GO
Loading...

‘The Day the LOLcats Died’ As Protesters Take On the Web

Wednesday, 18 Jan 2012 | 1:16 PM ET

Having Reddit withdrawals?

The Wikipedia website has shut down its English language service for 24 hours in protest over the US anti-piracy laws.
Getty Images
The Wikipedia website has shut down its English language service for 24 hours in protest over the US anti-piracy laws.

Missing your daily dose of funny cat pictures on I Can Has Cheezburger?

Can't figure out what Alexander Hamilton has to do with our banking system because Wikipedia's gone dark?

And how can we survive without our daily fix of theMarxists Internet Archive?

Grab a guitar and sing the blues.

In a lighthearted send-up of the SOPA and PIPA protests, self-described "internet scientist" Forest Gibson, aka LaughPong, has produced a new version of Don McLean's "American Pie" called "The Day the LOLcats Died". You can watch it here, because, thankfully, YouTube has not shut down today.

"A long, long time ago on the world's largest network of interconnected computers," singer Chris Parker begins, "those LOLcats used to make me laugh."

The song is clearly on the side of websites which wouldn't exist without the ability to link to other sites which may link to other sites, which may be stealing stuff. "And I knew I could make a joke, and not be sued by nasty folk,” he sings. “Every login was refused, the day the LOLcats died." The music video includes an appearance by Ben Huh, the man behind Cheezburger, which owns sites like "I Can Has Cheezburger", "Know Your Meme" and my personal favorite, "FAIL blog". These sites survive in large part by posting funny photos or videos, sometimes without permission.

Websites voluntarily going offline today provide a powerful demonstration for people who spend much of the day surfing the internet. I spend more hours online than reading print publications or watching on air content (other than CNBC, of course). Since I pay about the same for my monthly internet connection as I do for my satellite television, I don't feel like I'm getting online content for free, though, obviously, many content creators aren't compensated. Something has to give, as more people get most of their information and entertainment from the internet, which gets much of its information and entertainment from other sources. Critics, however, say the current bills before Congress will slow innovation and cut off the flow of information, and you can’t put the internet genie back in the bottle.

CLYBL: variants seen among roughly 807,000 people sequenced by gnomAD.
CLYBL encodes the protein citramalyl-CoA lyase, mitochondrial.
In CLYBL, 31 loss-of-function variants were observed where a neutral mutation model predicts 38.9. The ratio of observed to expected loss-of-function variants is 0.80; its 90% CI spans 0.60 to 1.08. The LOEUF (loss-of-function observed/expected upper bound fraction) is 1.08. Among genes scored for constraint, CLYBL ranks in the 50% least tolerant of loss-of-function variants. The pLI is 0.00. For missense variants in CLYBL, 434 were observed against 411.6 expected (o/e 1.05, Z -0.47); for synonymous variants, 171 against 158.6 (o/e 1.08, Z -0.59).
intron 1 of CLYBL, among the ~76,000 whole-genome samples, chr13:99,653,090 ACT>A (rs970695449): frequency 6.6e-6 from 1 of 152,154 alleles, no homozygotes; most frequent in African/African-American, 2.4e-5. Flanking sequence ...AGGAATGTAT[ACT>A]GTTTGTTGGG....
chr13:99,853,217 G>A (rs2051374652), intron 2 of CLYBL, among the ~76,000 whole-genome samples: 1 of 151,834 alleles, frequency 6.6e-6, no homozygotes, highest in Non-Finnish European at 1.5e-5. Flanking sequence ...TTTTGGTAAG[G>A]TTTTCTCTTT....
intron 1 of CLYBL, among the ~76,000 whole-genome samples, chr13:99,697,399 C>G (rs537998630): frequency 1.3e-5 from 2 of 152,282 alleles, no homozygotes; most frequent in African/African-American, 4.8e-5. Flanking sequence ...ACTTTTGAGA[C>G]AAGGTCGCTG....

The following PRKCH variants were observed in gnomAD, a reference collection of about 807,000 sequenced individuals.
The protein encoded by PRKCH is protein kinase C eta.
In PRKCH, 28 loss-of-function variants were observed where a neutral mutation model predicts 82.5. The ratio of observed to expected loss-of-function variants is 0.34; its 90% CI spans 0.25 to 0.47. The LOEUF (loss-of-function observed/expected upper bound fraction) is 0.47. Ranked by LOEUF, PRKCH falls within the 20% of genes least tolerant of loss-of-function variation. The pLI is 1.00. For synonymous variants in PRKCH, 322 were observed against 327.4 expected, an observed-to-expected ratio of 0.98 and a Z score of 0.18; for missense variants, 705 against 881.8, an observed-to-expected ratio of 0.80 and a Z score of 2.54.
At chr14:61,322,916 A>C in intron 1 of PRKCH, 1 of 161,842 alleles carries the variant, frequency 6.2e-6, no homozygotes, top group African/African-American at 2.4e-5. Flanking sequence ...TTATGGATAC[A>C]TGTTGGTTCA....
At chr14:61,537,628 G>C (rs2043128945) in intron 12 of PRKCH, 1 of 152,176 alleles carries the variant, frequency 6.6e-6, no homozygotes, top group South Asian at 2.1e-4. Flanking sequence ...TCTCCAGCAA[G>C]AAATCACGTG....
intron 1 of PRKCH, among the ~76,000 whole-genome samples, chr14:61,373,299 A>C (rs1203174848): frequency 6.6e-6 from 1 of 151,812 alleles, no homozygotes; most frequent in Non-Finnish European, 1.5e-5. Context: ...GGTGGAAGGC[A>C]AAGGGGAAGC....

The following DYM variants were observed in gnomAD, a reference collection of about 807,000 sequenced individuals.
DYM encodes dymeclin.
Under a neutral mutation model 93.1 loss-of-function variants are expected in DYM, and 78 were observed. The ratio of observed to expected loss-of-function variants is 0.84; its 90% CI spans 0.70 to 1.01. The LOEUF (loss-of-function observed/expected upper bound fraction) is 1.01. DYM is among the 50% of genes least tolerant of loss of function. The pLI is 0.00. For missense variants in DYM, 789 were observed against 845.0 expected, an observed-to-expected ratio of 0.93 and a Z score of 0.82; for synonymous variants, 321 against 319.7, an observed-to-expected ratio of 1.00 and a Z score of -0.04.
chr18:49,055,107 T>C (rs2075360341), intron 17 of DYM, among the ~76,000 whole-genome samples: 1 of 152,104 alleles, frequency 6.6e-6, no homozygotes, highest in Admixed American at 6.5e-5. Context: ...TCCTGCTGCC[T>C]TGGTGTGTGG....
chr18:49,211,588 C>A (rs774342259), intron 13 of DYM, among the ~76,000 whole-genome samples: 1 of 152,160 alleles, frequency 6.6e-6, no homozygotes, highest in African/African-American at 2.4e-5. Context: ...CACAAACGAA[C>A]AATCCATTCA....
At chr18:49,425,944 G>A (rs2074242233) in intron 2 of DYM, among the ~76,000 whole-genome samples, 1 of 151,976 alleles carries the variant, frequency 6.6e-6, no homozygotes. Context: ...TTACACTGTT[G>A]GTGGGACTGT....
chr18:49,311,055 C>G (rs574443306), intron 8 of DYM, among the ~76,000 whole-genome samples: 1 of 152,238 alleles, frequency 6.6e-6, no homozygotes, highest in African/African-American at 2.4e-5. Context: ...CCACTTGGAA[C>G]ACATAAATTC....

Rupert Murdoch, an old media icon , has been sounding off on the subject in new media since last weekend. "So Obama has thrown in his lot with Silicon Valley paymasters who threaten all software creators with piracy, plain thievery," read his first tweet on the subject Saturday. "Nonsense argument about danger to Internet. How about Google , others blocking porn, hate speech, etc? Internet hurt?" Murdoch accuses Google of being the worst internet pirate of all, he chides politicians for "selling out" and changing their positions on SOPA, and, in perhaps a first, he finds himself on the same side as the AFL-CIO in supporting the current bills. "Whole entertainment (industry) employs 2.2 million (average) salary 65 g. Good jobs and expanding foreign earnings. Made in America, too!"

As for the Youtube send-up, turns out it's not quite as lighthearted as it seems. Beneath the sarcasm and funny pictures is a battle for survival. "Why, why are laws a thing you can buy, they got paid off should be laid off, re-election denied," goes the song's chorus. "Our web means more than lawyers, lobbies and lies, so speak up before the internet dies."

Questions? Comments? Funny Stories? Email funnybusiness@cnbc.com

  Price   Change %Change
FOXA
---
GOOGL
---

Featured

  • Based in Los Angeles, Jane Wells is a CNBC business news reporter and also writes the Funny Business blog for CNBC.com.

Humor